Resolution of "Implicit Right to Doc" Issue

Subject: Resolution of "Implicit Right to Doc" Issue
From: "Joe" <jsokohl -at- eudoramail -dot- com>
To: "TECHWR-L digest" <techwr-l -at- lists -dot- raycomm -dot- com>
Date: Fri, 24 Mar 2000 05:46:01 -0800

Hi all,
Many thanks to the many folks that sent me interesting comments, advice, suggestions, and even flames...it's all welcome.
Recap (for new readers):
1. Custom software job--NOT off-the-shelf soft- or hardware project.
2. Client didn't specify doc as a delvierable--neither did we.
3. Client wanted to hold us to software modules deliverables that were mentioned in the contract--we felt that either we pay them back fo those items or we mutually agree that the lack of detail in those modules meant we shouldn't deliver them.
4. Client wanted specific doc deliverables, even though nothing indicated they should get 'em.

Resolution:
1. Client agrees that contract is fulfilled as delivered last week (that is, without software modules and without doc).
2. Client wants us to prepare new proposal that includes time for doc, extra software modules, and proper requirements planning (usability test of delivered version, pilot deployment, etc.).

Comments:
I agree with Eric--the automobilie analogy is false. Custom software is just that--custom. It's up to both parties to propose solutions htat meet all needs. If the client doesn't request something in the beginning of the project, it's not right that the customer says at the end, "Oh, but we MEANT to ask for it."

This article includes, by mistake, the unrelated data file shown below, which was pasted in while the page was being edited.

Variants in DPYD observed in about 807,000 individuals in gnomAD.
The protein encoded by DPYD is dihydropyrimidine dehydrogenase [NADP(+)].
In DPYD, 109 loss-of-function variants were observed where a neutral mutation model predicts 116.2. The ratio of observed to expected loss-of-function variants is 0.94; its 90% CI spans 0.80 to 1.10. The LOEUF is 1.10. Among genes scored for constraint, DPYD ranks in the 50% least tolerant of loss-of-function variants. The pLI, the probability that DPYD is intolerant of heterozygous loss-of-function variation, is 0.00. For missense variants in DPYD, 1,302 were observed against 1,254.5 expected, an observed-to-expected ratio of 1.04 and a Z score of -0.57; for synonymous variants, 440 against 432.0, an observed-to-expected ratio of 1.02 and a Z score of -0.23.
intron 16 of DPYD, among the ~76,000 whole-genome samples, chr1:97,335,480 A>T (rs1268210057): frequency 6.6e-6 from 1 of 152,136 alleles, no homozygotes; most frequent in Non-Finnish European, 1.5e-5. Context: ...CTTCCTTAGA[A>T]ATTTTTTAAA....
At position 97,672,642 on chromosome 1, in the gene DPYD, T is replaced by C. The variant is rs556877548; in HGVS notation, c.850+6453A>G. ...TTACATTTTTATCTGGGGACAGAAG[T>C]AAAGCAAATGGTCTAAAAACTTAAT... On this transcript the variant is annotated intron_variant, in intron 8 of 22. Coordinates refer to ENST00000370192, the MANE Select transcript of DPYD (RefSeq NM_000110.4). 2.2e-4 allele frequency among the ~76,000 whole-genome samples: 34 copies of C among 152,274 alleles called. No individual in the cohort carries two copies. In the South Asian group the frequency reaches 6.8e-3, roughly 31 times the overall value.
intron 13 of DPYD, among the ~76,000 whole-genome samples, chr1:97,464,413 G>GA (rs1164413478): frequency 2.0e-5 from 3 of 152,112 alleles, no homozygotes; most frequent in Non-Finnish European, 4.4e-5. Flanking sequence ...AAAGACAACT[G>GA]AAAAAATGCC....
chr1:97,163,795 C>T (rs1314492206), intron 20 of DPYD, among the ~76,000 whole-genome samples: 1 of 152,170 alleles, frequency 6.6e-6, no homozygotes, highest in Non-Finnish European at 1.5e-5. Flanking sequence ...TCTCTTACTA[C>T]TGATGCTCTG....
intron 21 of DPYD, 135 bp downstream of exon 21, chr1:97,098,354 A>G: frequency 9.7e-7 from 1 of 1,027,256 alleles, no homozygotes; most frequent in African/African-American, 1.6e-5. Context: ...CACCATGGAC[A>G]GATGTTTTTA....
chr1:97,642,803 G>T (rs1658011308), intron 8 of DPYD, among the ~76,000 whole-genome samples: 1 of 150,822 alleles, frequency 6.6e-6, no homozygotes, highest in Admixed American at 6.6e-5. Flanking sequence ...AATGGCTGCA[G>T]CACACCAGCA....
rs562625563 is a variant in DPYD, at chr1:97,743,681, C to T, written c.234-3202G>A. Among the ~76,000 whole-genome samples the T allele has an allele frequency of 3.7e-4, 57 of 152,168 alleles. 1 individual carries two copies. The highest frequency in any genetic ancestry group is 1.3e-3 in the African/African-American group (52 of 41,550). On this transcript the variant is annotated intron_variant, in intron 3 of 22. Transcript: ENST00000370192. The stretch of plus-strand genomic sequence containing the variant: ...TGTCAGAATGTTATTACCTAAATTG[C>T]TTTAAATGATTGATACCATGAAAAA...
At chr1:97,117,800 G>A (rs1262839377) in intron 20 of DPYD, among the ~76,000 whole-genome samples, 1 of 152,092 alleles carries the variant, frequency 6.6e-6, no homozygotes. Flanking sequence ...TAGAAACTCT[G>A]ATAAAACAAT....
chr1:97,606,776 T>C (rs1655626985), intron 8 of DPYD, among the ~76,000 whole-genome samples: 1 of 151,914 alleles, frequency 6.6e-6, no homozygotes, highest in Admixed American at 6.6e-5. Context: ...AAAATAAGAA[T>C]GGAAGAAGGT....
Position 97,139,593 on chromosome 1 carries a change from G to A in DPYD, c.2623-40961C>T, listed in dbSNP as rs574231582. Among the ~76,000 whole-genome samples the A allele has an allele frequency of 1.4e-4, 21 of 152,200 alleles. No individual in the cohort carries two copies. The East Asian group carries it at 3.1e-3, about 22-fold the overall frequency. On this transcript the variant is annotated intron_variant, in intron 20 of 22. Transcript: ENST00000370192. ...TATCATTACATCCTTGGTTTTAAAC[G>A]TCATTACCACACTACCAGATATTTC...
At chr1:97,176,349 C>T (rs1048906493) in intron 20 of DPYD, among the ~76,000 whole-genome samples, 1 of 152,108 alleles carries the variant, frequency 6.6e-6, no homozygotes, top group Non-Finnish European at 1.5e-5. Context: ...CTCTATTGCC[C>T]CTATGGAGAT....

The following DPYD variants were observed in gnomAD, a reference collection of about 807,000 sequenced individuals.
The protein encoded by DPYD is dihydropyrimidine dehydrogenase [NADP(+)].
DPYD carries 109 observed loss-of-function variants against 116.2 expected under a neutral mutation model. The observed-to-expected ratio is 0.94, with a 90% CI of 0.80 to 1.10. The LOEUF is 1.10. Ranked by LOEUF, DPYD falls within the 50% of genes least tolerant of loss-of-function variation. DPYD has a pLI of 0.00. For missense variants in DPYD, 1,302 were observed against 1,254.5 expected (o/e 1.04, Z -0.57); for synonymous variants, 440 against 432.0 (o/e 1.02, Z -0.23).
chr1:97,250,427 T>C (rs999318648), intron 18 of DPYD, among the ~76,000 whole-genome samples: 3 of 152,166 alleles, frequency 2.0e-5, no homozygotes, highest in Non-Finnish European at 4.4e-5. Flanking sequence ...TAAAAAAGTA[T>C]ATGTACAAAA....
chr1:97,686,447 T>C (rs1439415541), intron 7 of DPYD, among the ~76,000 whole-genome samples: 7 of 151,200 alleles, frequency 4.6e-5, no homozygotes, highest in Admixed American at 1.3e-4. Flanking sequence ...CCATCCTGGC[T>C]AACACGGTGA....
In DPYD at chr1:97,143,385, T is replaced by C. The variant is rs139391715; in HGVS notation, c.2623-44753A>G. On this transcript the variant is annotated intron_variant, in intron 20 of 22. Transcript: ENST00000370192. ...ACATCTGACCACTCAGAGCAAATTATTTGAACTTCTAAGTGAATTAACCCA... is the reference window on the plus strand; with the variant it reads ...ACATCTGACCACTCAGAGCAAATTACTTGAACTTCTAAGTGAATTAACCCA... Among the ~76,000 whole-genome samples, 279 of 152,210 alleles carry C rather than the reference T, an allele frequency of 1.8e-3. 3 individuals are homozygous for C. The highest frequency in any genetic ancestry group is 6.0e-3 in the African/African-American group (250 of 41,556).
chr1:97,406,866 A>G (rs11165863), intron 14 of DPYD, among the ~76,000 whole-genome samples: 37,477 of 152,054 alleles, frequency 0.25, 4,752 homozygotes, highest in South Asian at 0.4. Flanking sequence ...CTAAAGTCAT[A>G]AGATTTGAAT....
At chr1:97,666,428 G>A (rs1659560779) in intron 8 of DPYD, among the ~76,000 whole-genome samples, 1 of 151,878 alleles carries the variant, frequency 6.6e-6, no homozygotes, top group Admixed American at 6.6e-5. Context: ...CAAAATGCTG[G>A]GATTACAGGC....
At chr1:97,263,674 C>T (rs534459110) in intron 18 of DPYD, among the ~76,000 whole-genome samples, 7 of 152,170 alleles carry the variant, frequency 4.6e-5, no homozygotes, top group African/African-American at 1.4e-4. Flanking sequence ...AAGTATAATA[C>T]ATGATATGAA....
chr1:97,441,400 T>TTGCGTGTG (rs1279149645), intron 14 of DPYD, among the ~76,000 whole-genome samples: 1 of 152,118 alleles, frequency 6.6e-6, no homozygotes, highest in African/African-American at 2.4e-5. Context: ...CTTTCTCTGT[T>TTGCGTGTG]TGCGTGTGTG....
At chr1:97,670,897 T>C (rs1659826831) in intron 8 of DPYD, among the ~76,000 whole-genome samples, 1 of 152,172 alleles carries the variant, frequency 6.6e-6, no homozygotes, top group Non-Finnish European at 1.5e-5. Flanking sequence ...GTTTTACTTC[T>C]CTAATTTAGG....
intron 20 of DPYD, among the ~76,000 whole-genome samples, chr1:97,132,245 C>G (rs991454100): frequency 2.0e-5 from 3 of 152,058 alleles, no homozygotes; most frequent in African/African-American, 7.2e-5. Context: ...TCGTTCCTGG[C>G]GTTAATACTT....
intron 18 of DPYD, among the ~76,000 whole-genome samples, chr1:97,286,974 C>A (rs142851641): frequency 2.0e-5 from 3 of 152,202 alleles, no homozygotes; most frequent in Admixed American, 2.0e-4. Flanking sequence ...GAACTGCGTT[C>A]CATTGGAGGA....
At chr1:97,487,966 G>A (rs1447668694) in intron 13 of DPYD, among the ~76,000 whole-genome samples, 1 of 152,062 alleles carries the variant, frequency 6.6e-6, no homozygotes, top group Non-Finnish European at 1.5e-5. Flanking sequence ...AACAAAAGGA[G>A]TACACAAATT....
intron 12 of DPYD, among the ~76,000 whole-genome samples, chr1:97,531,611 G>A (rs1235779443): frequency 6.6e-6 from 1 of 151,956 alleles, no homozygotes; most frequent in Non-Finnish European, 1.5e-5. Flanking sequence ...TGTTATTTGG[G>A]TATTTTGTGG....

If I buy a copy of Canvas 7 from Deneba, is it fair that I assume that it comes with a Getting Started guide, an API reference, a User's Guide, a workbook and training guide, a video course, an integrated CBT course, quick-ref guides for each module, and a detailed comand and menu reference? I think not...and that's a commercial product. Indeed, marketing materials exist for most commercial products....and in these materials one can find info about the type of help and other information deliverables the product comes with.
Custom software is different--it requires close participation by both the customer and the developer. We were prepared to pay back" the undelivered items. Still, the customer would not have een obligated to pay us for those items, push coming to shove.
Thanks once again for the input and debate--it's been most helpful!
joe
---
Our fears are like dragons, guarding our most precious treasures.
___Rainer Marie Rilke


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